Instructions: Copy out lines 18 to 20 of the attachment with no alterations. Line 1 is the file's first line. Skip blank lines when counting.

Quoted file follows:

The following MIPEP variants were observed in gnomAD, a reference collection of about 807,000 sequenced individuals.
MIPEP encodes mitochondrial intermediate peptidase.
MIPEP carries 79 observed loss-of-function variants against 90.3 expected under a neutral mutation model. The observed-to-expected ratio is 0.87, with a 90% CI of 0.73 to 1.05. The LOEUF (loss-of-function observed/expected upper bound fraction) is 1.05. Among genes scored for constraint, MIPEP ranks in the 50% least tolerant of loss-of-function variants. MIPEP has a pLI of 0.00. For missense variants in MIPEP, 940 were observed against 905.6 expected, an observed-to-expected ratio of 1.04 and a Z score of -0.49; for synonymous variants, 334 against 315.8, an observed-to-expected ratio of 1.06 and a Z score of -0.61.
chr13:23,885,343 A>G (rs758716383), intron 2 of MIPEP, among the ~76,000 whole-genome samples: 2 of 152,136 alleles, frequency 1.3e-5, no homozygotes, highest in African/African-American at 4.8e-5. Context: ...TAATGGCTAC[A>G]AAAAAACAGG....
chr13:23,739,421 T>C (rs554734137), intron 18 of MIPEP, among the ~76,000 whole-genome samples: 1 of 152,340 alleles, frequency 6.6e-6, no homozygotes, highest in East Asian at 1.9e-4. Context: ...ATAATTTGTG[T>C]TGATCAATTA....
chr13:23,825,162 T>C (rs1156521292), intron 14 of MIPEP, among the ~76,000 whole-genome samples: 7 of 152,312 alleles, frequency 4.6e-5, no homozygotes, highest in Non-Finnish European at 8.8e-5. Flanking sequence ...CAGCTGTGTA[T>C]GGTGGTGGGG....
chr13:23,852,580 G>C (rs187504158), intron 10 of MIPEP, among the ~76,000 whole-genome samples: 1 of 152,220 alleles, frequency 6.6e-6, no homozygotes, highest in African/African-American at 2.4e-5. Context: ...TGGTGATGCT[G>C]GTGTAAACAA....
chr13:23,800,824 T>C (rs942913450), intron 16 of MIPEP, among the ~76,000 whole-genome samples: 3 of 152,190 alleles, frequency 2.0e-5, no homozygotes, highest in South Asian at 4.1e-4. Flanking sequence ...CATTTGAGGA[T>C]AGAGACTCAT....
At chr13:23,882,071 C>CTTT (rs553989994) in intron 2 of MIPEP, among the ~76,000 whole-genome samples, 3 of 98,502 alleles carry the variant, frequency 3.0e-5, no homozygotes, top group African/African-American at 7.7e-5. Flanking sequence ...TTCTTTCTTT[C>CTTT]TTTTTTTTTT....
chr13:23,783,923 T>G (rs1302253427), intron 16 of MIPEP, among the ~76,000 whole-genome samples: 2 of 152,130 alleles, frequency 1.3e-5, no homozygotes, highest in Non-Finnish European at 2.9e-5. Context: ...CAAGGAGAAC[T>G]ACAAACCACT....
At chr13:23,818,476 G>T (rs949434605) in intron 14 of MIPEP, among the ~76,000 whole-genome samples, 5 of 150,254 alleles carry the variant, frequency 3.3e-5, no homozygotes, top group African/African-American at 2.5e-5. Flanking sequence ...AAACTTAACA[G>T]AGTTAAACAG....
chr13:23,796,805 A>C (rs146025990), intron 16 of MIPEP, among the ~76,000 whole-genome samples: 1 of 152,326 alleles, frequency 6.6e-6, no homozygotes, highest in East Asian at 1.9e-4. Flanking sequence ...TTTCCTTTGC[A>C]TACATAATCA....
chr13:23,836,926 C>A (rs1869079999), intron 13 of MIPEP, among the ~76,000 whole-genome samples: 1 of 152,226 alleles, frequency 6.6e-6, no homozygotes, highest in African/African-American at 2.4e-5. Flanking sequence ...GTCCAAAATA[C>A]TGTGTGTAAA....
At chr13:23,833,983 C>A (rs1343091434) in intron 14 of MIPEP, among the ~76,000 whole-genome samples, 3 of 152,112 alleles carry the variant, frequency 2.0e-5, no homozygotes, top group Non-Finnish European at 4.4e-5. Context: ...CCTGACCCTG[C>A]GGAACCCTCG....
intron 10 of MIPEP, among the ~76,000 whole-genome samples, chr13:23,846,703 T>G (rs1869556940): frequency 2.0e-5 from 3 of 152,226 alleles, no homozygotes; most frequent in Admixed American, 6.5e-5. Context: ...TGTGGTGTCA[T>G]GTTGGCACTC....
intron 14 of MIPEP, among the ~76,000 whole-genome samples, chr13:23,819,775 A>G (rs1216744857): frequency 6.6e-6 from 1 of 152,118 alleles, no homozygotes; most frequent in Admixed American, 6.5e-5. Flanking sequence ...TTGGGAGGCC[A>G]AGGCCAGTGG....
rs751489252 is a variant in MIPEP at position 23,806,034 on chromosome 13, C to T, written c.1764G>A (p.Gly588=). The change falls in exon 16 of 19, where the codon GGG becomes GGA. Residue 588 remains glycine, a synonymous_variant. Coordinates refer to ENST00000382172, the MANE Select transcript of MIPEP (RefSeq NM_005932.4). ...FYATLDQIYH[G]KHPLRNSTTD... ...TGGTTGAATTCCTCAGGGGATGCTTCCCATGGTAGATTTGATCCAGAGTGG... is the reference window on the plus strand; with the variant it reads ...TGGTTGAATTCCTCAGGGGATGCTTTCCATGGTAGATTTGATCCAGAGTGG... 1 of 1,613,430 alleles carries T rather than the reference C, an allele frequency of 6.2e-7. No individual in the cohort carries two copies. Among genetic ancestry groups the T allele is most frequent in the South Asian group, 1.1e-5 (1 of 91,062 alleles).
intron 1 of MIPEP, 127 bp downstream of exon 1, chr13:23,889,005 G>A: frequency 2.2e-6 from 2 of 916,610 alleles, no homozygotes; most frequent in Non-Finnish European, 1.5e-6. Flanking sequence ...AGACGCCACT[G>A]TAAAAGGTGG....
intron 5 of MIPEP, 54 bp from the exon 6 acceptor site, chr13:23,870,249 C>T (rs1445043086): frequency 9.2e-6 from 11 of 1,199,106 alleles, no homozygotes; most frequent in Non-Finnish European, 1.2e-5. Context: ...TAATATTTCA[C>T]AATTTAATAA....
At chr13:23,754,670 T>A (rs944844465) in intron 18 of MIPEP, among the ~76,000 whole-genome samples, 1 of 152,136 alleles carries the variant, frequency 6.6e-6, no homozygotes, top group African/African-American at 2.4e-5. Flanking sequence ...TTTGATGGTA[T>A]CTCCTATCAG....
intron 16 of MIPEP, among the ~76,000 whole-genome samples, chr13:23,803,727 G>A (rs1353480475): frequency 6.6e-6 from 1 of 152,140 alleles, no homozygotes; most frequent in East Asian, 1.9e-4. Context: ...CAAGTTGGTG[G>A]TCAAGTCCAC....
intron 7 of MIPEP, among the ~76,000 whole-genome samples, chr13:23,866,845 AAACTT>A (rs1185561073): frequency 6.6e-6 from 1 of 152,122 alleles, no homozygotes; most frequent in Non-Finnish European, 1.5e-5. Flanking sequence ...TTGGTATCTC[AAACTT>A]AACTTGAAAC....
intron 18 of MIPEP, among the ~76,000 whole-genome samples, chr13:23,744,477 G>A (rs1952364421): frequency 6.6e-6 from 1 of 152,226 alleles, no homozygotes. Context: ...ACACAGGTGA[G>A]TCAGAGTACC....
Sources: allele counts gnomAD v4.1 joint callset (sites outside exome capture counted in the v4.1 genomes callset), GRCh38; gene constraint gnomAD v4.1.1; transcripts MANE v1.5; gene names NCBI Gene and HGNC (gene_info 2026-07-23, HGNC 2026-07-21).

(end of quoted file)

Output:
intron 1 of MIPEP, 127 bp downstream of exon 1, chr13:23,889,005 G>A: frequency 2.2e-6 from 2 of 916,610 alleles, no homozygotes; most frequent in Non-Finnish European, 1.5e-6. Flanking sequence ...AGACGCCACT[G>A]TAAAAGGTGG....
intron 5 of MIPEP, 54 bp from the exon 6 acceptor site, chr13:23,870,249 C>T (rs1445043086): frequency 9.2e-6 from 11 of 1,199,106 alleles, no homozygotes; most frequent in Non-Finnish European, 1.2e-5. Context: ...TAATATTTCA[C>T]AATTTAATAA....
At chr13:23,754,670 T>A (rs944844465) in intron 18 of MIPEP, among the ~76,000 whole-genome samples, 1 of 152,136 alleles carries the variant, frequency 6.6e-6, no homozygotes, top group African/African-American at 2.4e-5. Flanking sequence ...TTTGATGGTA[T>A]CTCCTATCAG....